Additionally, you should visit the school, observe how classes are conducted, and talk to the teachers to get a better sense of the school’s approach to teaching essential life skills.

How Shaws weave Essential Life Skills Training to Our Children

Want your child to pick up age-relevant essential life skills and apply them every day? Consider Shaws Preschool!

Our play-based preschool curriculum is specially tailored to equip your child with the right essential life skills to succeed in life. Here are some of the main life skills that we cover:

  1. Environmental Awareness: We teach kids how to take care of the planet through recycling, composting and learning about different animals and plants.
  2. Self Confidence: Our teachers give children opportunities to lead activities and make choices to boost their self-assurance.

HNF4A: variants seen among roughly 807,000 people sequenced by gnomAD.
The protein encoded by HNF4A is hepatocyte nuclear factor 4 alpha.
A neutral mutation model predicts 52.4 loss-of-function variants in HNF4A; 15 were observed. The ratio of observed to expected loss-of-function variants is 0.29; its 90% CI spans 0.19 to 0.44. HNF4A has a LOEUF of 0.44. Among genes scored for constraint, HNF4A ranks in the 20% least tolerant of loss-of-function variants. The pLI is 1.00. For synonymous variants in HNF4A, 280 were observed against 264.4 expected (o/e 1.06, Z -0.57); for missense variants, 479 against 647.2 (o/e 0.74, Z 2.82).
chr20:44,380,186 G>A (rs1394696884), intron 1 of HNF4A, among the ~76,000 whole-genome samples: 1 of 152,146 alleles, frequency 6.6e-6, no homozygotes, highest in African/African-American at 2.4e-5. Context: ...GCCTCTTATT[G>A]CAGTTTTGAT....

3. Initiative & Entrepreneurship: We encourage children to come up with their own ideas and projects, and teach them how to turn their ideas into reality.
  4. Curiosity & Imagination: We spark children’s curiosity by providing open-ended activities and materials for them to explore and imagine with.
  5. Effective Oral and Written Communication: We help children learn how to express themselves clearly and effectively, whether it’s through speaking or writing.
  1. Empathy: We teach kids how to understand and care about the feelings of others through role-playing and discussions.
  2. Collaboration: We teach our children how to work well with others by having them participate in group activities and projects.
  3. Creativity, Critical Thinking & Problem Solving: We help children develop these skills by providing them with challenging activities and open-ended materials that encourage them to think outside the box.
  4. Adaptability: We teach children how to be flexible and adapt to new situations through various activities and challenges.